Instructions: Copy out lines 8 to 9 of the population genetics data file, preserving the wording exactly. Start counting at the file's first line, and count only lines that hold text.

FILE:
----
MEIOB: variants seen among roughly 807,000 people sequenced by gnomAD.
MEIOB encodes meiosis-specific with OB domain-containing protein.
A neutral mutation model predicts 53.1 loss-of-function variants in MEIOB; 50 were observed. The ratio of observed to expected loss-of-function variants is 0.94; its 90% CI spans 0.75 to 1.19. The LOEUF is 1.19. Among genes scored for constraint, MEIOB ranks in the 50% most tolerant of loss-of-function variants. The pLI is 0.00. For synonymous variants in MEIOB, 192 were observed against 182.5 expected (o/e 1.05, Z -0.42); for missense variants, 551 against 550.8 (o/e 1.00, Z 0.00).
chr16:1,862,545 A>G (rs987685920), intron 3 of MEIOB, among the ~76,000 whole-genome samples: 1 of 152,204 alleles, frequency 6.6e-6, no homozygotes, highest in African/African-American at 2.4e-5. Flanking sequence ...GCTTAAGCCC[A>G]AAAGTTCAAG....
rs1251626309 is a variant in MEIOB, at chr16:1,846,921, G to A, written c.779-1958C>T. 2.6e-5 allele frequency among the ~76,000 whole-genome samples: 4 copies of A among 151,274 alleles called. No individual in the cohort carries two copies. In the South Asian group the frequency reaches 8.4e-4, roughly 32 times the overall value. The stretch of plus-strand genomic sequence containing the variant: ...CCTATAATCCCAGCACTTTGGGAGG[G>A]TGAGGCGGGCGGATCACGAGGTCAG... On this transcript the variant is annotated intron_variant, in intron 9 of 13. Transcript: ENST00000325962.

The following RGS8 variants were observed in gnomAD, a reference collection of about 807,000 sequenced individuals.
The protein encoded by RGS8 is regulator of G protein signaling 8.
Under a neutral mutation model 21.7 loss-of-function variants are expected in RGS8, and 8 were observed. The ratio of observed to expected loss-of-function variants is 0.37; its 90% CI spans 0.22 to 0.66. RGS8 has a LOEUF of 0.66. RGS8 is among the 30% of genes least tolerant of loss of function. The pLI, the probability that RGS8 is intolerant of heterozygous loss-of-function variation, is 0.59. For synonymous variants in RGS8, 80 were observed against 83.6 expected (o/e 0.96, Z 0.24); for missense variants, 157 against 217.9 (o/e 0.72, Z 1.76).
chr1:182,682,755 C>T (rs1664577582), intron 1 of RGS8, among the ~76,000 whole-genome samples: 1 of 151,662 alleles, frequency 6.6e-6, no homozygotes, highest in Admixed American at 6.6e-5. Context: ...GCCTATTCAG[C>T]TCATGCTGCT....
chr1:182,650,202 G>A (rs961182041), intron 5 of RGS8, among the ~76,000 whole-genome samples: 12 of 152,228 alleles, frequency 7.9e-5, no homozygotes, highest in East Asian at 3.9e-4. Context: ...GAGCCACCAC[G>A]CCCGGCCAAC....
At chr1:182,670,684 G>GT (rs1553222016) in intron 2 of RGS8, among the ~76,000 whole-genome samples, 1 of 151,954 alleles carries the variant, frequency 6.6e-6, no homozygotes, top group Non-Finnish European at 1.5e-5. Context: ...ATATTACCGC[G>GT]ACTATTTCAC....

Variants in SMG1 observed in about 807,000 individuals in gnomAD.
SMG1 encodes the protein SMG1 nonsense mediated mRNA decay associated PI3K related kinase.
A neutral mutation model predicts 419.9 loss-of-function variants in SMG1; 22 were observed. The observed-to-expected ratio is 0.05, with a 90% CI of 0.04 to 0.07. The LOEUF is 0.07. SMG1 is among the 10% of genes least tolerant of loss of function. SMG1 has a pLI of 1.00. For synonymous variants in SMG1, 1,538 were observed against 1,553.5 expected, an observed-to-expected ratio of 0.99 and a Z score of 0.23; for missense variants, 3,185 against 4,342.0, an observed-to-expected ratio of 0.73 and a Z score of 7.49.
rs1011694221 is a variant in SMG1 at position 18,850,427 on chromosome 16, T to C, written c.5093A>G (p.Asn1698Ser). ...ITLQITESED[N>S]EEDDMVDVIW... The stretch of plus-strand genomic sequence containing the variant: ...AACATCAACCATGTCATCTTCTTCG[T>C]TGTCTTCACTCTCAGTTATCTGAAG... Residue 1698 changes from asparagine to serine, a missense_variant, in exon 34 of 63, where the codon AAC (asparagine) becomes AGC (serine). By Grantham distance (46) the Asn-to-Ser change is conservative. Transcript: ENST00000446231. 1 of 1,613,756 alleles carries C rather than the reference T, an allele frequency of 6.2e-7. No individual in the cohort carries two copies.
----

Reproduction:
Under a neutral mutation model 21.7 loss-of-function variants are expected in RGS8, and 8 were observed. The ratio of observed to expected loss-of-function variants is 0.37; its 90% CI spans 0.22 to 0.66. RGS8 has a LOEUF of 0.66. RGS8 is among the 30% of genes least tolerant of loss of function. The pLI, the probability that RGS8 is intolerant of heterozygous loss-of-function variation, is 0.59. For synonymous variants in RGS8, 80 were observed against 83.6 expected (o/e 0.96, Z 0.24); for missense variants, 157 against 217.9 (o/e 0.72, Z 1.76).
chr1:182,682,755 C>T (rs1664577582), intron 1 of RGS8, among the ~76,000 whole-genome samples: 1 of 151,662 alleles, frequency 6.6e-6, no homozygotes, highest in Admixed American at 6.6e-5. Context: ...GCCTATTCAG[C>T]TCATGCTGCT....